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Do I Need an HSA? Thumbnail

Do I Need an HSA?

Do you have an HSA? And if you don't, should you have one? Let's take a look at the benefits of establishing an HSA for yourself or your family.

First of all, HSA stands for Health Savings Account. As the name suggests, it is a way to save and pay for health related expenses. What the name doesn't imply though, is that it is also a way to reduce your taxable income. Who wouldn't want those two things?

Qualifying Expenses

There are a wide range of medical, dental, and mental health services that are considered to be eligible expenses for payment from an HSA. A comprehensive, web-based resource for eligible and ineligible HSA expenses can be found at HSAList.org. Also, be sure to check out IRS Publication 502, Medical and Dental Expenses for more information on these qualifying expenses. Paying for these expenses couldn't be simpler. Most HSAs provide you with a debit card. This makes paying for things like office visits and prescriptions extremely convenient. If you receive a bill in the mail for your medical services that are not covered under your health insurance plan, you can also pay this bill with your debit card by calling the billing office and providing them with your debit card information.

As part of the CARES Act that was signed into law at the end of March, you are now allowed to use your HSA to pay for  over-the-counter drugs and medicine, such as allergy medications and pain relievers, without a doctor’s prescription. This reverses a provision of the Affordable Care Act that required a prescription for these types of purchases.

Insurance premiums are usually not considered a qualifying medical expense when it comes to HSAs. However, premiums for Medicare or other healthcare coverage - including long-term care insurance -  are qualifying medical expenses if you are over the age of 65. Also, if you are unemployed and receiving unemployment compensation, your health insurance premiums are also considered to be  qualified medical expenses. This is particularly important during the current COVID-19 pandemic.

You need to be careful. If you take a distribution from your HSA for any reason other than paying for qualified medical expenses, the amount that is withdrawn will be subject to both income tax and an additional 20% tax penalty.

Establishing an HSA

Before you can set-up an HSA, you need to qualify to do so. In order to qualify, you must be enrolled in a high-deductible health insurance plan (HDHP). The U.S. Government has established that for 2020, an HDHP for an individual is a health insurance plan that has a minimum annual deductible amount of $1,400 and a maximum annual out-of-pocket expense of $6,900. If you have a family insurance plan, then the minimum annual deductible must be $2,800 with a maximum annual out-of-pocket expense of $13,800. Just to clarify; out-of-pocket expenses are things such as deductibles, co-pays, and other fees. They do not include health insurance premiums.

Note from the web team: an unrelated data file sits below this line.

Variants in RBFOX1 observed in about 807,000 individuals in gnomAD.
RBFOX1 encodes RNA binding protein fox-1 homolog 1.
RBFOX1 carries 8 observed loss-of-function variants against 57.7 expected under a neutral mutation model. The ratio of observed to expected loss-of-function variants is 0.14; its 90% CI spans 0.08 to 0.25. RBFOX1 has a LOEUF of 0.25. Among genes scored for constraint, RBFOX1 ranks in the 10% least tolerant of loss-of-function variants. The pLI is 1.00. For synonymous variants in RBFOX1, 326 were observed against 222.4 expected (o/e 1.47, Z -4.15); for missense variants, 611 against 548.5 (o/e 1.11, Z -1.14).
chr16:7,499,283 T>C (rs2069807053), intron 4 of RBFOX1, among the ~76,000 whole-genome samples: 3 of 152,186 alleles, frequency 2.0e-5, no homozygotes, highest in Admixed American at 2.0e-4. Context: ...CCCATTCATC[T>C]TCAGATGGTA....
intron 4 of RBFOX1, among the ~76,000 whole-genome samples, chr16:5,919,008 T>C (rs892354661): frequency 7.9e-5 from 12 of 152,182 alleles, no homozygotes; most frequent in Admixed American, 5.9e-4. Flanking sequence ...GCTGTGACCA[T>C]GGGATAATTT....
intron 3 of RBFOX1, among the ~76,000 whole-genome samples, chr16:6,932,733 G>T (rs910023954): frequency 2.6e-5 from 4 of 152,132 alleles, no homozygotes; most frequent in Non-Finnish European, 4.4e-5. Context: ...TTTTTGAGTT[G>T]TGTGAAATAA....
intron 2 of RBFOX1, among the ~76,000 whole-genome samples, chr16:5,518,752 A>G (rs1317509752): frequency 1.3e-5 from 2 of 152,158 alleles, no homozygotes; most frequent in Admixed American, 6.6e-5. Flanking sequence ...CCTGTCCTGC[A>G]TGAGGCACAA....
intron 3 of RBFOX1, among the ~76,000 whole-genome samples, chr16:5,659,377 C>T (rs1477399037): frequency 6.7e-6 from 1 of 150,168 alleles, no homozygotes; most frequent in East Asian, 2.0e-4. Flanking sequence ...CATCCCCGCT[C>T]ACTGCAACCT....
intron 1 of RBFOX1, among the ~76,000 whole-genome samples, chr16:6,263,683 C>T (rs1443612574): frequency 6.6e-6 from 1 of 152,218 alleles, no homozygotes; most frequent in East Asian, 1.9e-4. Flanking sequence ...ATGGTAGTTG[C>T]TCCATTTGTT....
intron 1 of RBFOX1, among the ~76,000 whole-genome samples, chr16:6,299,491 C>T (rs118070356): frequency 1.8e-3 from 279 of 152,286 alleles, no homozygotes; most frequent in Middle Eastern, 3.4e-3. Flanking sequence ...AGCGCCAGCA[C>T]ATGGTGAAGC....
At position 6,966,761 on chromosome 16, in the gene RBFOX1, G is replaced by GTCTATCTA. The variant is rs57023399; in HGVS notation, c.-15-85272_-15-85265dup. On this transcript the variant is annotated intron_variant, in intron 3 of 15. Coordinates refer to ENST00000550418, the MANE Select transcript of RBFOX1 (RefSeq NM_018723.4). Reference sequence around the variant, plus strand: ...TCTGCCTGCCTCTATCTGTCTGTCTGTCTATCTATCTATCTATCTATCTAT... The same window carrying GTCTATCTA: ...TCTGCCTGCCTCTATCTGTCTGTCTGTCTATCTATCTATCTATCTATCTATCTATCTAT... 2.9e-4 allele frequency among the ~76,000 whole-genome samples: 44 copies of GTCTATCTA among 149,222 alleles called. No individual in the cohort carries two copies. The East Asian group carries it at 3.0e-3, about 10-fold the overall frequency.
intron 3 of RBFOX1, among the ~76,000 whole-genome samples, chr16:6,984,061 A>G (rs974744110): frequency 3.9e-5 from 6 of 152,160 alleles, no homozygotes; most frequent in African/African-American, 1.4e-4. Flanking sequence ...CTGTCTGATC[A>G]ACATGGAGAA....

So how does this all work and what about reducing your taxable income? Every year you can contribute to your HSA any amount up to the government-mandated maximum. Just as IRAs and 401Ks have maximum contribution amounts, so do HSAs. For 2020, the maximum contribution to an HSA for an individual is $3,550. This represents a $50 increase over the 2019 amount. For a family, the maximum contribution is $7,100, which is up $100 from 2019. Here's an added bonus. If you are 55 years of age or older, you can contribute an additional $1,000 to your individual or family account. On top of this, these contributions are 100% tax-deductible!

Another attractive benefit of an HSA is the fact that unlike a Flexible Spending Account (FSA), your HSA balance rolls over from year to year. You do not have to spend it or lose it each year as you do with an FSA. Once you turn 65 and enroll in Medicare, you are no longer eligible to contribute to your HSA, but you can still use the funds in your HSA to pay for out-of-pocket medical expenses. If you decide to use HSA funds on non-qualified medical expenses, you will have to pay income tax on the amount that you withdraw. There is no 20% penalty if you are over the age of 65.

HSA Tax Advantages 

In total, HSAs have three tax advantages.

  1. Your HSA contributions are tax-deductible.
  2. Your money within your HSA grows tax-free.
  3. Withdrawals that are used to pay qualified medical expenses are also free from income tax.

Sounds pretty good. But there are still more benefits to mention. First, money within your HSA can also be invested in mutual funds for the potential for higher growth than if the funds were left in cash. Second, unlike IRAs and other retirement accounts, there are no Required Minimum Distributions (RMDs) once you reach the age of 72. And finally, if you make your HSA contributions through payroll deductions with your employer, these contributions will not be subject to Social Security and Medicare (FICA) taxes. So in addition to escaping Federal and state income taxes, you will also avoid the 7.65% FICA tax hit. While your 401K contributions escape Federal and state income taxes, they do not escape the FICA tax.

While not the optimal solution for everyone, an HSA is a very attractive way to reduce your health insurance costs while at the same time saving for future medical expenses in a triple tax-advantaged way.